A Main Line Quaker school fired two teachers for inviting a Palestinian advocate to address students.
Friends' Central School on City Avenue in Wynnewood, Pennsylvania, confirmed to NBC10's Brandon Hudson that teachers Ariel Eure and Layla Helwa didn't have their contracts renewed. The two were previously suspended and the firing was announced in a letter sent to the school community.
"The decision not to renew these teachers’ contracts was the result of a deliberate and thoughtful Quaker decision-making process, the details of which will remain confidential," Head of School Craig Sellers said in a statement.
"Academic excellence, attention to individual students, opportunities for leadership, and Quaker values have and will continue to be hallmarks of a Friends’ Central education. Our graduates translate the education they receive here to success in their top choice colleges, in professions that are as varied as our students' interests, and in community life."
The teachers were put on administrative leave in February. The two supervised the school's Peace and Equality in Palestine club.
The kerfuffle involved Swarthmore College Peace & Conflict Studies assistant professor Sa'ed Atshan. Parents complained about Atshan's involvement in a movement that advocates punitive measures against Israel to end the occupation of Palestinian territories. School leaders canceled his speech.
Bryn Mawr-based attorney Mark Schwartz said the school offered Eure and Helwa $5,000 each in severance if they dropped a civil rights lawsuit and signed a confidentiality agreement. Schwartz said his clients won't take the deal.
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"My clients have a lot more integrity than the current administration of Friends' Central," Schwartz said.
Schwartz called Sellers' actions in this and other employment disputes "hardly Quakerly." [[238427591, C]]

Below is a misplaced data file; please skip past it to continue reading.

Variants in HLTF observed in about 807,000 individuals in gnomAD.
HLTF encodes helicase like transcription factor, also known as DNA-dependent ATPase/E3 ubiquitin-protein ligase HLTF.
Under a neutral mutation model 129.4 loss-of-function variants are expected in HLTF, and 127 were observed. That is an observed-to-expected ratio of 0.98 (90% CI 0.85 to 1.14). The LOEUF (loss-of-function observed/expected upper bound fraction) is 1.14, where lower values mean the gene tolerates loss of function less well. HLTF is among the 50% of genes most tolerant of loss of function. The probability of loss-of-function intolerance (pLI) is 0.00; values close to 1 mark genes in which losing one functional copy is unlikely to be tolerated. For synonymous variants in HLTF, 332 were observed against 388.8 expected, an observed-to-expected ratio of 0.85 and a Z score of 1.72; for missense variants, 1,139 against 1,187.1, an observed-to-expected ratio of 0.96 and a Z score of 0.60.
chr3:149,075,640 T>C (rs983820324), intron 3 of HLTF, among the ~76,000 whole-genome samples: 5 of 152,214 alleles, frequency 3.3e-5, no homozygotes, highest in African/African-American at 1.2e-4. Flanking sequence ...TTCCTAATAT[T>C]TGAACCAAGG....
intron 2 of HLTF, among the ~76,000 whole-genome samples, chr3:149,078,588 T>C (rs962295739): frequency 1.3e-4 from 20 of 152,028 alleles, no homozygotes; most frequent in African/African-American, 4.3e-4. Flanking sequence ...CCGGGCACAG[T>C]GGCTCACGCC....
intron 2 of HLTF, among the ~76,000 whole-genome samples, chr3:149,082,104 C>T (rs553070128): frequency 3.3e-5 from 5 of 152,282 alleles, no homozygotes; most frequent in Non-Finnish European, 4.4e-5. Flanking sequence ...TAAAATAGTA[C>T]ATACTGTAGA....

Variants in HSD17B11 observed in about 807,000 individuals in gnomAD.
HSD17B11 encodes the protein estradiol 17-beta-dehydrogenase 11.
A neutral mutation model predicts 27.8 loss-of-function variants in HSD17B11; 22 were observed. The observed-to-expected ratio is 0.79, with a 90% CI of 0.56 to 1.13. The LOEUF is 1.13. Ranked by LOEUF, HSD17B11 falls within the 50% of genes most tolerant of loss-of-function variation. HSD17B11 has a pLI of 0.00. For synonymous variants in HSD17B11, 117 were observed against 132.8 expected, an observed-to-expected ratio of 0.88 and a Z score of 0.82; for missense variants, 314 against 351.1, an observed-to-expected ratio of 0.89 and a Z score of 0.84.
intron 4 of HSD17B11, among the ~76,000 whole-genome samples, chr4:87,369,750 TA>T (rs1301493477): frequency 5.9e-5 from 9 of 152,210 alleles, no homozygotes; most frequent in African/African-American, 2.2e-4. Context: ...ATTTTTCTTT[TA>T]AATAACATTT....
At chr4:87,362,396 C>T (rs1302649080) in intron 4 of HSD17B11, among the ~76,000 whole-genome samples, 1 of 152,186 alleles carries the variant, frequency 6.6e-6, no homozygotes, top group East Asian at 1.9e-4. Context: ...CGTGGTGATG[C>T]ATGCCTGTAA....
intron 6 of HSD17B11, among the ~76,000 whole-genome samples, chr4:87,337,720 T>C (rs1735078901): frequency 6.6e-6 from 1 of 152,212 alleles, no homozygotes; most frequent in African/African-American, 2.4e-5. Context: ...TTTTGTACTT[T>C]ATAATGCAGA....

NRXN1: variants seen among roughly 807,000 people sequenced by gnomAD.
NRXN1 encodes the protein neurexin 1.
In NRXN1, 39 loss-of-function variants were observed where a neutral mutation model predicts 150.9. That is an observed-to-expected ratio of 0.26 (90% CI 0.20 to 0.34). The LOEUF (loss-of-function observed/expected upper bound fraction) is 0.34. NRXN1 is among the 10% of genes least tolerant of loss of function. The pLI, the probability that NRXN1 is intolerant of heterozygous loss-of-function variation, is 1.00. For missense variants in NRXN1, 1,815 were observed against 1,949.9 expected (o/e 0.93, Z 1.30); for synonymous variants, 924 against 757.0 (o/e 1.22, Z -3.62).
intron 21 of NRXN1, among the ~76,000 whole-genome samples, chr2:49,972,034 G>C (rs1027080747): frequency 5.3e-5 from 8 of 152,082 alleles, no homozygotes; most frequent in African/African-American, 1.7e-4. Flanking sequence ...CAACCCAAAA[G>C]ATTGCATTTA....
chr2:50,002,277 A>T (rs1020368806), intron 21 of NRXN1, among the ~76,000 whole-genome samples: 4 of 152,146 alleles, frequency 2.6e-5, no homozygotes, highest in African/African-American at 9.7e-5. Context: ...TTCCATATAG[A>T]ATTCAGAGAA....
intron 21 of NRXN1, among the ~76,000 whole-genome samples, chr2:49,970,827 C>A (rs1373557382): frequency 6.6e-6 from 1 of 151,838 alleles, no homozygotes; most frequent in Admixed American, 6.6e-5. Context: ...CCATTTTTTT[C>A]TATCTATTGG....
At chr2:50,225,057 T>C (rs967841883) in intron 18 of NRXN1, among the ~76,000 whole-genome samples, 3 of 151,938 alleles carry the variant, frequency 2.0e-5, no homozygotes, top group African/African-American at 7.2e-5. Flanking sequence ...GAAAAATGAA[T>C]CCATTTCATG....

He hopes to continue with actions filed with the U.S. Equal Employment Opportunity Commission.
In a letter, Sellers said that he and the school board would take into consideration a series of recommendations offered by a task force formed in the wake of the speaker controversy. Among the recommendations were a Tuesday event with the the Dialogue Institute of Temple University and an upcoming screening, open to parents, of the film, "Wrestling Jerusalem," about the Israeli-Palestinian conflict.
The task force also suggested re-inviting Atshan speak and Sellers re-extended the invitation Friday -- after taking a pause "to allow our community time to create more comprehensive and well-articulated programming around the Arab/Israeli conflict," Sellers said.
"Now that our community has developed a framework and a set of criteria for programs and speakers addressing contentious, complicated issues, I believe it is an appropriate moment to re-extend the School’s invitation to Dr. Atshan. In my invitation, I will ask him to share his personal experiences and path to peace education, all within the framework of the task force’s recommendations. This invitation is part of an arc of skill building, learning, and listening which will continue with additional visitors who have experienced the Arab/Israeli conflict and other conflicts around the world in equally personal, yet different ways."
The school said they have yet to secure a date where Atshan would talk with students.
"Embracing the challenge of dialogue around contentious issues is central to the Mission and Vision of Friends’ Central School, " Sellers said. "The resulting skill building, learning, and listening will enhance the intellectual caliber of our classrooms and our community as a whole."